“(h) … Upon the request of the officer, the licensee or non-resident shall also identify the location of the concealed firearm and permit the officer to safely secure the firearm for the duration of the investigative stop.”

      So yeah, fishing expeditions for laws not yet in effect (not to mention clearly unconstitutional) are crap – but they, by law, are allowed to take the gun and “secure it” for the duration of the stop. Which of course is a load of crap, since the safest place for it is leaving it the hell alone in its holster, console or case … but it’s a load of crap allowed by statute.

    2. Think you and John may have missed this part:

      Upon the request of the officer, the licensee or non-resident shall also identify the location of the concealed firearm and permit the officer to safely secure the firearm for theduration of the investigative stop.

      This language has been in the Illinois concealed carry act since day 1.

    3. Securing could very easily be defined as removing the magazine and ammo so that it’s not readily usable.

  3. Administrative handling of a firearm would not be what I would describe as something “safe” to be doing on the side of the road during a traffic stop.

  4. Also wanted to pass along that RTG Parts ( WILL honor the Illinois TROs. I sent over a copy of the Macon County TRO and my FOID after contacting them to see if they could help, and just bought a pile of magazines from them. They are more oriented towards H&K firearms but they have a good selection from Magpul, ETS and other aftermarket, too. They even have some drums, if you are so inclined.

  5. If I am asked this by ISP, I will state that I am very uncomfortable pulling my loaded gun out when I do not need to. I will point out the video camera recording the conversation, and then ask them to arrest me or give me my ticket. I will state on the camera that I will fully comply if they arrest me.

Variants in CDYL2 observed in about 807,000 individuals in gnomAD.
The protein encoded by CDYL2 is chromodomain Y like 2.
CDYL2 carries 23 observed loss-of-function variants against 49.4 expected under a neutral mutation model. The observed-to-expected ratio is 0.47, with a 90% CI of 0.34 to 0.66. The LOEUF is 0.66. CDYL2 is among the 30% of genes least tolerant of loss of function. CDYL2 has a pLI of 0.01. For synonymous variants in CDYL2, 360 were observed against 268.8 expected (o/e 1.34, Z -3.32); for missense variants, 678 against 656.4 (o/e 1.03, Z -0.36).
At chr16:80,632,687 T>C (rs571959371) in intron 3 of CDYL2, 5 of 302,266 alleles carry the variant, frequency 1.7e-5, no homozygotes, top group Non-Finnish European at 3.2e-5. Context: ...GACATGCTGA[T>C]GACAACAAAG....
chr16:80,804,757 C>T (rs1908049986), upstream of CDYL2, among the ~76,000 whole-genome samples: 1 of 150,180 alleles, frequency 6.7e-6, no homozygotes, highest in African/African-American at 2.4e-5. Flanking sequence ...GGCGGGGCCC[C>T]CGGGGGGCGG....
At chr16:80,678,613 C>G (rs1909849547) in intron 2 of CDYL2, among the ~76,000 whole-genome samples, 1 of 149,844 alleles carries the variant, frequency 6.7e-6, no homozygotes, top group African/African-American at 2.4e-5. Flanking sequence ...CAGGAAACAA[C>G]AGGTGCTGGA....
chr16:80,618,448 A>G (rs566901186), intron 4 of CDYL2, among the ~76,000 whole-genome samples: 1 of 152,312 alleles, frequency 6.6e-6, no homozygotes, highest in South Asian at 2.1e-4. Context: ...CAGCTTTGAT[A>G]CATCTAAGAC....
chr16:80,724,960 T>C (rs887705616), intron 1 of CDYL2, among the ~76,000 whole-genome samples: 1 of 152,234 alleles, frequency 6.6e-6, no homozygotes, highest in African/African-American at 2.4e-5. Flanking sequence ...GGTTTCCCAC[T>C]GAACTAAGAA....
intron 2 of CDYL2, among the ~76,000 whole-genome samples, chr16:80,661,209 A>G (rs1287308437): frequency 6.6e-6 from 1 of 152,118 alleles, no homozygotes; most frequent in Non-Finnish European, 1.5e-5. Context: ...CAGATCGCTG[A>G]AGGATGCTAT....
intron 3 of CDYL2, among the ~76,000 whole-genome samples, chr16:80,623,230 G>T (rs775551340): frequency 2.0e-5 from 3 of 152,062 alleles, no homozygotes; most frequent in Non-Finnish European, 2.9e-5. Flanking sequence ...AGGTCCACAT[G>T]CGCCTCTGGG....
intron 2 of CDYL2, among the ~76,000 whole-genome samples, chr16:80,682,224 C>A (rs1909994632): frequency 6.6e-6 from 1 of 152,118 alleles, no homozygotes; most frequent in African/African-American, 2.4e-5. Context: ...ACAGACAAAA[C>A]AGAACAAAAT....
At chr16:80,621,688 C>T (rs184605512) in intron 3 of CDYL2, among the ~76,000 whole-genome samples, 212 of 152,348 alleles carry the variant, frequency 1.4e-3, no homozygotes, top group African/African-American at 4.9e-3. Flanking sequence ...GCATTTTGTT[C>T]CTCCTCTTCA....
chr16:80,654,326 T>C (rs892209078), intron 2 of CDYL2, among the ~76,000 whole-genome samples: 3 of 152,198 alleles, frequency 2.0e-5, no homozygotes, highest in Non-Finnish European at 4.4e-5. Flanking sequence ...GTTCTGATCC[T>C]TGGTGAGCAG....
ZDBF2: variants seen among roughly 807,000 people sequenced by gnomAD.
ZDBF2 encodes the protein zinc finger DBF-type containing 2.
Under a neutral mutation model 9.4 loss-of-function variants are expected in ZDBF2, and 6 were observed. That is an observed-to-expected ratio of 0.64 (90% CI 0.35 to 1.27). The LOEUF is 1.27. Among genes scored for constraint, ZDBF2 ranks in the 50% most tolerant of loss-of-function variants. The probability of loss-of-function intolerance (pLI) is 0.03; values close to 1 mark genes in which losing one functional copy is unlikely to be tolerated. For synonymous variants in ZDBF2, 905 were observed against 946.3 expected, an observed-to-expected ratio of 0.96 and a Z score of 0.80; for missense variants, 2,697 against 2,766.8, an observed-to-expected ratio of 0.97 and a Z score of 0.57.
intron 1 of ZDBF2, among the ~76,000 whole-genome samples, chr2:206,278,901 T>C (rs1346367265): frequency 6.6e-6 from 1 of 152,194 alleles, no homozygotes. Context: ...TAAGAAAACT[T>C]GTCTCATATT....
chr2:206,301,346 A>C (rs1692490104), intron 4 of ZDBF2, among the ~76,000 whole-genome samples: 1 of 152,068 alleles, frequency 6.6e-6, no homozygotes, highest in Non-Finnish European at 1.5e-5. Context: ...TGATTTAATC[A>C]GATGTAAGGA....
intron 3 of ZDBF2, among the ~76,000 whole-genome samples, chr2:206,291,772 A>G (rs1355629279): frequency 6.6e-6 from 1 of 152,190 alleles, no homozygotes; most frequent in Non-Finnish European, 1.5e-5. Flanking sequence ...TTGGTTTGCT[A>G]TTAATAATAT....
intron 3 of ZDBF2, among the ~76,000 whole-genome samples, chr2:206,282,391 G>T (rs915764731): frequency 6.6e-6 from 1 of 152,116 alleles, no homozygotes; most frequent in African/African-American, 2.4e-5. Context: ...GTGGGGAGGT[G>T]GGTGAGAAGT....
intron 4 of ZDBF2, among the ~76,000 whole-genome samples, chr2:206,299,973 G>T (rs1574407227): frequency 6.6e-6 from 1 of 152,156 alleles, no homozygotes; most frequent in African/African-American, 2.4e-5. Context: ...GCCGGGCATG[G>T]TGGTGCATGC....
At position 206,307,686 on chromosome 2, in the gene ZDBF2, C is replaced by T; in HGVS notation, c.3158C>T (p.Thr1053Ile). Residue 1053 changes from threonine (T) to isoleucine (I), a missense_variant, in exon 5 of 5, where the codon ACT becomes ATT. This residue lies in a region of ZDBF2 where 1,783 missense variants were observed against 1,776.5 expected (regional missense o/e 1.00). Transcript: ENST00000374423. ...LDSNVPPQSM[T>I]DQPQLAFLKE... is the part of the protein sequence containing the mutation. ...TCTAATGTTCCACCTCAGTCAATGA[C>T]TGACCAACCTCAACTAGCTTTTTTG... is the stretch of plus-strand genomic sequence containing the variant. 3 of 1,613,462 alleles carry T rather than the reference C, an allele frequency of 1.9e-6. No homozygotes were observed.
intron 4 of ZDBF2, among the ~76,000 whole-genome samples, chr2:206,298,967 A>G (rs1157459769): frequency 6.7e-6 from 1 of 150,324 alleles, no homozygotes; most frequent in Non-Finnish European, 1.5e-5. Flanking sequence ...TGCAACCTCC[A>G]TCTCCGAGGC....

I have heard, but not confirmed that Farm King will sell anybody anything affected by the bogus “AWB.” I personally know that Scheels in Springfield will sell to folks listed on the lawsuits. I do not know what their policy is now for non-plaintiffs. Let us support these businesses with our patronage, and thank them.

  6. I just sent an email to ISP. I asked it this new policy was true. Then I told them point blank I will not pull my loaded gun out for an officer who has already lied to me. I am EXTREMELY UNCOMFORTABLE pulling out me loaded gun in front of an armed officer who I know is not following the law. They can arrest me if they want. I have a video camera on the windshield which I can turn and I suggest everybody who carries get a camera for this purpose.

    1. Sorry for the double post above was on phone. I cannot explain the discrepancy between the link you have, but the one I provide is the actual statute as enacted.

    2. Thanks DS. That is very strange. Section H-1 doesn’t appear in the official PDF that is posted on the official ILGA site. I am sure its just an ‘oversight’ on their part.
      So they apparently either stuck this in after the PA was passed, or the PDF is from an older draft being presented as the actual law. Given the GAs history of shell bills, gut and replace and other slight of hand, I am suspicious how this all came to pass, and what other gems they might be hiding. Very confusing since if you cannot get good information about Public Acts from the ILGA website, its pretty hard to follow the law. I had never seen Section H-1 before, and I had read that law over time and again.